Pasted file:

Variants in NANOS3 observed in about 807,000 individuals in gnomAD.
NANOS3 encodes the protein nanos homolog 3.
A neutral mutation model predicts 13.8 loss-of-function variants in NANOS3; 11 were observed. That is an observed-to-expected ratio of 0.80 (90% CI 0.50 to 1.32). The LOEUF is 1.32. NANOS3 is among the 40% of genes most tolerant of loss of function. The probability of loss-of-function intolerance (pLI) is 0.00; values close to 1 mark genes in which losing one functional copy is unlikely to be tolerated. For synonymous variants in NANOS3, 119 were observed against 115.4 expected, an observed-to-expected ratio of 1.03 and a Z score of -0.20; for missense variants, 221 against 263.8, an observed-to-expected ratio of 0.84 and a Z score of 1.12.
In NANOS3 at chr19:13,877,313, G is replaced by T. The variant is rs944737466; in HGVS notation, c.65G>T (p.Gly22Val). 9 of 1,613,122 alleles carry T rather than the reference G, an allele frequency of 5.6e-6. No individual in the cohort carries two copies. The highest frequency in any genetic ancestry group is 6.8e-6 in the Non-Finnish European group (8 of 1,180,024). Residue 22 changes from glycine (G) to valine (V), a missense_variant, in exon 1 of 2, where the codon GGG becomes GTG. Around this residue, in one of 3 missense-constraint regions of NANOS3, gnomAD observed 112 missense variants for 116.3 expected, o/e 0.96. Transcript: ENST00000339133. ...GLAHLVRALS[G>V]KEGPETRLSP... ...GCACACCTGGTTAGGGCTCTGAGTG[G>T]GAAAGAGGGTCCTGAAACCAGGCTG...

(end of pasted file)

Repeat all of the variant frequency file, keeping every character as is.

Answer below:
Variants in NANOS3 observed in about 807,000 individuals in gnomAD.
NANOS3 encodes the protein nanos homolog 3.
A neutral mutation model predicts 13.8 loss-of-function variants in NANOS3; 11 were observed. That is an observed-to-expected ratio of 0.80 (90% CI 0.50 to 1.32). The LOEUF is 1.32. NANOS3 is among the 40% of genes most tolerant of loss of function. The probability of loss-of-function intolerance (pLI) is 0.00; values close to 1 mark genes in which losing one functional copy is unlikely to be tolerated. For synonymous variants in NANOS3, 119 were observed against 115.4 expected, an observed-to-expected ratio of 1.03 and a Z score of -0.20; for missense variants, 221 against 263.8, an observed-to-expected ratio of 0.84 and a Z score of 1.12.
In NANOS3 at chr19:13,877,313, G is replaced by T. The variant is rs944737466; in HGVS notation, c.65G>T (p.Gly22Val). 9 of 1,613,122 alleles carry T rather than the reference G, an allele frequency of 5.6e-6. No individual in the cohort carries two copies. The highest frequency in any genetic ancestry group is 6.8e-6 in the Non-Finnish European group (8 of 1,180,024). Residue 22 changes from glycine (G) to valine (V), a missense_variant, in exon 1 of 2, where the codon GGG becomes GTG. Around this residue, in one of 3 missense-constraint regions of NANOS3, gnomAD observed 112 missense variants for 116.3 expected, o/e 0.96. Transcript: ENST00000339133. ...GLAHLVRALS[G>V]KEGPETRLSP... ...GCACACCTGGTTAGGGCTCTGAGTG[G>T]GAAAGAGGGTCCTGAAACCAGGCTG...